By Georgia Clancy, ARM@DA Research Fellow.
Welcome to our first ARM@DA blog! This is the place where we’ll be providing updates, thoughts and reflections as the project goes on.
ARM@DA is a realist inquiry into maternity care at a distance. The aim is to understand when, where and for whom digital (remote) consultations are useful in maternity care services. Our project involves talking to women and healthcare professionals, as well as looking at existing research to get a better picture of how remote consultations should be used in future. We’re currently about half-way through ARM@DA, so we thought we would start our blog with an update on Phase 1.
The aim for Phase 1 was to develop a set of initial programme theories (IPTs) to explain how digital clinical consultations can work best. These IPTs would then guide later phases of the review.
We started by consulting the ARM@DA project advisory group, which consists of clinicians and researchers who can advise, shape and support the project. We also met with our stakeholder groups which are made up of healthcare professionals, services users and community organisations with maternity experience. These discussions helped us to focus and prioritise our work.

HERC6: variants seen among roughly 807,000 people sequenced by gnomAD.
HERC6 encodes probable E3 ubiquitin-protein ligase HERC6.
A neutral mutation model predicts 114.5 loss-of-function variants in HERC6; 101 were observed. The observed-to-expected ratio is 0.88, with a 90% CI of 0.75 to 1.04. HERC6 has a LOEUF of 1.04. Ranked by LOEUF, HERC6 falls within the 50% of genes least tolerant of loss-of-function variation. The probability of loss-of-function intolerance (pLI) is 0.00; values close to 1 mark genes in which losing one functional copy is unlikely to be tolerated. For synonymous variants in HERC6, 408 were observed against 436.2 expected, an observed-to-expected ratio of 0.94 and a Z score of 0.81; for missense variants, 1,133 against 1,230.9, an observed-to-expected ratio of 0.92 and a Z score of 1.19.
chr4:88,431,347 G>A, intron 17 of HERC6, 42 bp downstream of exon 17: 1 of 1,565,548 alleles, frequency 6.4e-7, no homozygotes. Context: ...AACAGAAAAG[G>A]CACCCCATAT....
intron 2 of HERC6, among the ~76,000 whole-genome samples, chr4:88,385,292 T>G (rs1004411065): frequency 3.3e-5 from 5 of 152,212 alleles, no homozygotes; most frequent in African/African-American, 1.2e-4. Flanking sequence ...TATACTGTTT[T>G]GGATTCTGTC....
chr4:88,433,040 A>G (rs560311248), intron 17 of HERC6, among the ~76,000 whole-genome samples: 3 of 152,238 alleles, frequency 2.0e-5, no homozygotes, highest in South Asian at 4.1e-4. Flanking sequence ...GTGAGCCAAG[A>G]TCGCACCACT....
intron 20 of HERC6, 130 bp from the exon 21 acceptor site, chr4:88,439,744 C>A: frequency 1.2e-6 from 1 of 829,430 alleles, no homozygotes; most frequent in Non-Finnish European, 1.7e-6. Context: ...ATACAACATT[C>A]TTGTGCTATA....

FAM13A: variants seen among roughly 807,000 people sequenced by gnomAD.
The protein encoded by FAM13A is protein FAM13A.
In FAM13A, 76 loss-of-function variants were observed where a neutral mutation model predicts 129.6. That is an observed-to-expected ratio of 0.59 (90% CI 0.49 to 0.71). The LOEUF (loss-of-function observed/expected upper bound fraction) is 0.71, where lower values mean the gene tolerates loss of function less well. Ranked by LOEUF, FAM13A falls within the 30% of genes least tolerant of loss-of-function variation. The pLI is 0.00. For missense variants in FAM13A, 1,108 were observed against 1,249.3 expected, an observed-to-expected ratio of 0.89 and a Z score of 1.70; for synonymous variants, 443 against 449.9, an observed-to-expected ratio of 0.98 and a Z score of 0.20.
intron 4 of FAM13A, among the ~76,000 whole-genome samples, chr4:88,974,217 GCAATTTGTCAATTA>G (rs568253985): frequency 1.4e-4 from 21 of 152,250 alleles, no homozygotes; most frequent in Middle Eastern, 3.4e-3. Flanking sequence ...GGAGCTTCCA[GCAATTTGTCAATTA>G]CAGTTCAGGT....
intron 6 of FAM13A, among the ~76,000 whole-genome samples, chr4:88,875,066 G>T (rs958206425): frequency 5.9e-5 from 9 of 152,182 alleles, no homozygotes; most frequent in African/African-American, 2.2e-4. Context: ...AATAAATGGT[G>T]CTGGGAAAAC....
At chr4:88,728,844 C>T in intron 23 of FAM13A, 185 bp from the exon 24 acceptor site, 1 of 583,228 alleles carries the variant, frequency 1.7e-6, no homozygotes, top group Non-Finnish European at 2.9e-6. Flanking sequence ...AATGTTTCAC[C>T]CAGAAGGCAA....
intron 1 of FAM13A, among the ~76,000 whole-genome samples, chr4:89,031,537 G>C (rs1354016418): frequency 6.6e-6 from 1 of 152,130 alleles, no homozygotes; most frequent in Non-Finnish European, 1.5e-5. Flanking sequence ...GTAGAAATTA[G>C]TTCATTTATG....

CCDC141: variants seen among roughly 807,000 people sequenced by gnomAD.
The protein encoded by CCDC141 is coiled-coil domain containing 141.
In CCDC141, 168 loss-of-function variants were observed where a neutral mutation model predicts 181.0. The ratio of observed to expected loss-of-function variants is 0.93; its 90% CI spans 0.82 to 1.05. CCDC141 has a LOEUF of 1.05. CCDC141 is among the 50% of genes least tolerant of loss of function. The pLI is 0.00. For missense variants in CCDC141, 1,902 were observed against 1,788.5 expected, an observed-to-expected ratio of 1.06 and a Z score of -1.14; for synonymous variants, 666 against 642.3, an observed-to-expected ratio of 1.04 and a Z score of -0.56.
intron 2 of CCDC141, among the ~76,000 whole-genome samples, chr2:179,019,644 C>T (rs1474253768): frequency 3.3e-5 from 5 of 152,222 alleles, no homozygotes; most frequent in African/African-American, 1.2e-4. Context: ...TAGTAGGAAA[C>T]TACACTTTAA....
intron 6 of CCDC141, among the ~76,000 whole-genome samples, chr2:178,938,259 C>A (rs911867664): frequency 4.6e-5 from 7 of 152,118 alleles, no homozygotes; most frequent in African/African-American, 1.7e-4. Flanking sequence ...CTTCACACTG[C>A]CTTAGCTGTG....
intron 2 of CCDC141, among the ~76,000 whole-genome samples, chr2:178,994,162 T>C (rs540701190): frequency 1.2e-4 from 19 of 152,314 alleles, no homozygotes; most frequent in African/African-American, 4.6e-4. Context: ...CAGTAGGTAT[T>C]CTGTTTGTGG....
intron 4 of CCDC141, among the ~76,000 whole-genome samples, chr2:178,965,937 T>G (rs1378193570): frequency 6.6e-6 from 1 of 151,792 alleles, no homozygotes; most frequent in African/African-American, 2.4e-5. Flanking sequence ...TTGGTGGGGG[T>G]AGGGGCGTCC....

Next, we carried out a literature search to identify theory-rich evidence (including empirical papers, reviews, policy documents, guidance and theory). These texts were appraised and the relevant data extracted to generate context-mechanism-outcome (CMO) configurations. CMOs are a key part of realist inquiry, and are used to illustrate the context (the environment in which digital consultations happen), the mechanisms (the resources you need for digital consultations, including how people respond) and the outcomes (the potential effects of digital consultations). After we developed the IPTs we presented them to the stakeholders for feedback and refinement. For now, we’ve split our IPTs into those which relate to women (as service users) and those which relate to healthcare professionals and the organisations in which they work.
For women, our work so far suggests two main points. First, that women’s preferences for telephone or video consultations can vary a lot depending on their personal situation. So, it is important to take an individualised approach. Second, remote consultations may be difficult for some groups of women (e.g. women who don’t speak English well or who don’t have good internet access). So, it will be important for maternity services to think about how to make remote care accessible (to those who want it).
For staff, our work so far also suggests two main points. First, that it is important to have good systems, training and support at work so that remote consultations can be easily adopted. Second, staff feel it is important that they can make decisions about when to use remote consultations, so that they can be flexible and adapt care to meet women’s needs.
Our next step is to test and explore our IPTs in Phase 2. We’ll be sure to let you know how it goes!